American convenience stores are often direct targets of armed robbery. In some areas of the United States, it is not unusual for clerks to work behind bulletproof glass windows, even during daylight hours. Some convenience stores may even limit access inside at night, requiring customers to approach a walk-up window specifically for such situations to make purchases. The main dangers are that almost all convenience stores only have one person working night shift, most of the transactions are in cash, and easily resold merchandise, such as liquor, lottery tickets, and cigarettes, is on site.
Most convenience stores have a cash drop slot into a time-delay safe so clerks may limit the amount of cash on hand. Many have installed security cameras to help deter robberies and shoplifting. Because of their vulnerability to crime, nearly all convenience stores have a friendly relationship with the local police. To reduce burglaries when the convenience store is closed, some convenience stores will have bars on the windows.
Convenience stores to some extent replaced the old-fashioned general store. They are similar to Australian milk bars but unlike these are often franchises and not "Mum and Dad" small business operations. In Britain, corner shops in towns and village shops in the countryside served similar purposes and were the precursors to the modern European convenience shop (e.g. Spar). In the Canadian province of Quebec, dépanneurs (often referred to as "deps" in English) are often family-owned neighbourhood shops that serve similar purposes. Truck stops, also known as "travel centers", combine a shop offering similar goods with a convenience store with amenities for professional drivers of semi-trailer trucks. This may include fast food restaurants, showers and facilities for buying large quantities of diesel fuel. The equivalent in Europe is the motorway service station.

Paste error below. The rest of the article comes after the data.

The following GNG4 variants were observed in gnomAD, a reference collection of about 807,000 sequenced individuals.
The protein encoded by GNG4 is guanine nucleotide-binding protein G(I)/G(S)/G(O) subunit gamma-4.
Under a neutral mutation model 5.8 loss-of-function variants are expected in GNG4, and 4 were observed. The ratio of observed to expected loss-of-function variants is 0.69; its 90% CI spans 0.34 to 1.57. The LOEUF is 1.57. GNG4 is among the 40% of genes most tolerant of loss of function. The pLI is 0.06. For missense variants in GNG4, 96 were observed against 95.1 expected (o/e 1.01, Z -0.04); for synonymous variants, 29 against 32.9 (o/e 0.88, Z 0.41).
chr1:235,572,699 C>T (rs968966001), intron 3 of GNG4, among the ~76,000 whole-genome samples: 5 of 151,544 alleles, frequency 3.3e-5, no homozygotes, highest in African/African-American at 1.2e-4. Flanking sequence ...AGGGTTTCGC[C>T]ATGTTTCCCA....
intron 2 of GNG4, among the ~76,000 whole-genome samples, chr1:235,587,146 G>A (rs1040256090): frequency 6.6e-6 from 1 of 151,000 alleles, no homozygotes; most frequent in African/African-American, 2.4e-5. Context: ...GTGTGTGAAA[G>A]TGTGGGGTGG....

Neighborhood grocery stores not big enough to be considered a supermarket often compete with convenience shops. For example, in Los Angeles, USA, a local chain operates neighborhood grocery stores that fill a niche between a traditional supermarket and convenience shop. Because they stock fresh fruit and fresh meat and carry upwards of 5,000 items, they have a lot in common with the supermarket. Due to the relatively small store size, customers can get in and out conveniently, or have purchases delivered. In Belgium, convenience shops known as night shops are only permitted to open at night.
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|Wikimedia Commons has media related to Convenience stores.|
- Convenience Store News (convenience store industry trade publication and online news source)
- Convenience Store Decisions (convenience store industry trade publication)
- cstore life magazine (The official publication of the Canadian Convenience Stores Association)
- Australian Convenience Store News (industry trade publication)
- NACS, the Association for Convenience and Fuel Retailing
- Convenience Central (convenience store industry trade publications, event and news source)